how to use linux fuser command

How To Use the Linux Fuser Command

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We’ll show you, How To Use the Linux Fuser Command. The fuser command is used to identify which processes are using a specific file, unix socket or file system. In this tutorial we are going to show you few examples on how to use the fuser command on a Linux VPS.

To be able to use fuser command you need to have SSH access to the server. Connect to your server via SSH and run fuser.

# fuser
No process specification given
Usage: fuser [-fMuvw] [-a|-s] [-4|-6] [-c|-m|-n SPACE] [-k [-i] [-SIGNAL]] NAME...
       fuser -l
       fuser -V
Show which processes use the named files, sockets, or filesystems.

  -a,--all              display unused files too
  -i,--interactive      ask before killing (ignored without -k)
  -k,--kill             kill processes accessing the named file
  -l,--list-signals     list available signal names
  -m,--mount            show all processes using the named filesystems or block device
  -M,--ismountpoint     fulfill request only if NAME is a mount point
  -n,--namespace SPACE  search in this name space (file, udp, or tcp)
  -s,--silent           silent operation
  -SIGNAL               send this signal instead of SIGKILL
  -u,--user             display user IDs
  -v,--verbose          verbose output
  -w,--writeonly        kill only processes with write access
  -V,--version          display version information
  -4,--ipv4             search IPv4 sockets only
  -6,--ipv6             search IPv6 sockets only
  -                     reset options

  udp/tcp names: [local_port][,[rmt_host][,[rmt_port]]]

The output will notify you that no process specification is given and will show you some basic usage examples and options.

The -v or --verbose provides verbose output and it is commonly used. One example is to list all the processes that are using the current directory.

fuser -v .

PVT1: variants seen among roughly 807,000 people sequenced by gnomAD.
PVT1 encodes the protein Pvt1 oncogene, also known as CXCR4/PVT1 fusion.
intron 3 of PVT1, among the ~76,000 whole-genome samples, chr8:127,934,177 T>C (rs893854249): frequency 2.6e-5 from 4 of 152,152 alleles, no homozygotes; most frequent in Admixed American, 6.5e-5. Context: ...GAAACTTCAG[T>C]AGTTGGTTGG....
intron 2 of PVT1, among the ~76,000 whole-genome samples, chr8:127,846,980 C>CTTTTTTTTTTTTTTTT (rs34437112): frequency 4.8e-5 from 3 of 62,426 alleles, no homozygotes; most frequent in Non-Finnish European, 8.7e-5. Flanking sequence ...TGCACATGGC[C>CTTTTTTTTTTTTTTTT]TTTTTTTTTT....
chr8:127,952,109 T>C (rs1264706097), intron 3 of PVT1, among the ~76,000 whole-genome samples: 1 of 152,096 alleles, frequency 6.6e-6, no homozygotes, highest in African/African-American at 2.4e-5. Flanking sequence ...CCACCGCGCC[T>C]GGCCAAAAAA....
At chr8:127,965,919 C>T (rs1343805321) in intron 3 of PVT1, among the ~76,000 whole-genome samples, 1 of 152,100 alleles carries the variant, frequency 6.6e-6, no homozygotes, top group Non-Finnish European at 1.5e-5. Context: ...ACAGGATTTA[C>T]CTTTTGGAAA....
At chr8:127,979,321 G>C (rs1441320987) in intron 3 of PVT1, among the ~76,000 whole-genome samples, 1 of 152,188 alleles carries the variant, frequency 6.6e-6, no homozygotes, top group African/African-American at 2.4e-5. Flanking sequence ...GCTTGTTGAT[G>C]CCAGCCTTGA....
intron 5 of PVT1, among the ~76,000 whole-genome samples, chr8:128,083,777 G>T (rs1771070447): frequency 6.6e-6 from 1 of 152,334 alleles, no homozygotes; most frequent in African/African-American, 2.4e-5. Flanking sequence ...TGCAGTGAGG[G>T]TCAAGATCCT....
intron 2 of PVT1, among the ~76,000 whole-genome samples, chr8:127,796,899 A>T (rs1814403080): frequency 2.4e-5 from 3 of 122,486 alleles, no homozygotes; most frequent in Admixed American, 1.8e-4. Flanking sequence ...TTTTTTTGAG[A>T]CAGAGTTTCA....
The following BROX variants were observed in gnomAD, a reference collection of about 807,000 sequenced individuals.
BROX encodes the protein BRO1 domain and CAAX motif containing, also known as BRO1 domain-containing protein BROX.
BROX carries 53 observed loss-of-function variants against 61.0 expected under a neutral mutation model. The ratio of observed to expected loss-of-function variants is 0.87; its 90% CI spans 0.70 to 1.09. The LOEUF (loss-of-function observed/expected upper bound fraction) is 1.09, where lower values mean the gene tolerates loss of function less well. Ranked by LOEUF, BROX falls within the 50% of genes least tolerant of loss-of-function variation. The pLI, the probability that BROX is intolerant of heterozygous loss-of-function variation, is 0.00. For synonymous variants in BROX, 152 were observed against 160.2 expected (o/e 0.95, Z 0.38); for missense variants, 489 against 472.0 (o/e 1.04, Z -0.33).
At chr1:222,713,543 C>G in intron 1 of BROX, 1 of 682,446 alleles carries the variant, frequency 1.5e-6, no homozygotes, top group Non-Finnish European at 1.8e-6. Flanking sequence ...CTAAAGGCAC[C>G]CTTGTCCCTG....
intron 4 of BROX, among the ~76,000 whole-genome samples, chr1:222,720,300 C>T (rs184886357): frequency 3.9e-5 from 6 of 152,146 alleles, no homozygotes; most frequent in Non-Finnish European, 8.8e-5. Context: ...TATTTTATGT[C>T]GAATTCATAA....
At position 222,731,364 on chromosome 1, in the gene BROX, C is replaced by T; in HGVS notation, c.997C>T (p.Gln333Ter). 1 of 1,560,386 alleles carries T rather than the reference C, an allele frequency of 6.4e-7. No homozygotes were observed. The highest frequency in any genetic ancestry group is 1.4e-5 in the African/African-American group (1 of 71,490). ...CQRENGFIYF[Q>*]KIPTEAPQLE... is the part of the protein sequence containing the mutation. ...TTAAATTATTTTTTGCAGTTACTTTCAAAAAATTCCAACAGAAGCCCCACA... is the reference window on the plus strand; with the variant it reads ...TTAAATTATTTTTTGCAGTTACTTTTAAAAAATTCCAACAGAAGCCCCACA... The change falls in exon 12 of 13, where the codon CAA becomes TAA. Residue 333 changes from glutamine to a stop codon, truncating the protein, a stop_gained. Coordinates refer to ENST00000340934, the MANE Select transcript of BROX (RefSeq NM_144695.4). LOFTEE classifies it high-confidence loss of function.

If your current directory is the root directory, the output should be similar to this one:

# fuser -v .
                     USER        PID ACCESS COMMAND
                     root         37 .rc.. bash
                     root         64 .rc.. systemd-journal
                     root         65 .rc.. systemd-udevd
                     root        193 .rc.. rpcbind
                     root        197 .rc.. systemd-logind
                     root        199 .r... cron
                     messagebus  200 .rc.. dbus-daemon
                     syslog      211 .rc.. rsyslogd
                     root        296 .r... saslauthd
                     root        297 .r... saslauthd
                     root        299 .rc.. sshd
                     bind        304 .r... named
                     root        321 .r... dovecot
                     root        329 .r... log
                     root        334 .r... config
                     mysql       336 .r... mysqld
                     root        370 .rc.. agetty
                     root        371 .rc.. agetty
                     root        396 .rc.. xinetd
                     root        429 .r... sendmail-mta
                     root        449 .rc.. apache2
                     www-data    455 .rc.. apache2
                     www-data    456 .rc.. apache2
                     www-data    457 .rc.. apache2
                     www-data    458 .rc.. apache2
                     www-data    459 .rc.. apache2

The above output shows information like the USER, PID, ACCESS and the COMMAND used to start the process. ACCESS shows letters denoting the type of access and there are several:

c - current directory
e - executable being run
r - root directory 
f - open file (omitted in default display mode)
F - open file for writing (omitted in default display mode) 
m - mmap’ed file or shared library

Another common usage of fuser is to list the processes using the UDP and TCP sockets on your Linux VPS. For example to list the processes using the TCP port 80 you can use the following command:

fuser -v -n tcp 80

If you have Apache installed and running on your server, the output should be similar to the following one:

# fuser -v -n tcp 80
                     USER        PID ACCESS COMMAND
80/tcp:              root        449 F.... apache2
                     www-data    455 F.... apache2
                     www-data    456 F.... apache2
                     www-data    457 F.... apache2
                     www-data    458 F.... apache2
                     www-data    459 F.... apache2
                     www-data    511 F.... apache2
                     www-data    512 F.... apache2
                     www-data    513 F.... apache2

Fuser can be used to kill specific processes too. For example, to kill the processes which are using TCP port 80, you can use the following command:

fuser -k 80/tcp

Please note, this will kill your Apache service if it is running at the moment.

Another example is to kill all processes accessing the /home directory in any way:

fuser -km /home

For more options and usage examples you can refer to the fuser man page.

man fuser

If you are one of our Linux Server Support services, you can always talk with one of our Linux Experts about Linux Fuser Command and how you can benefit from it.

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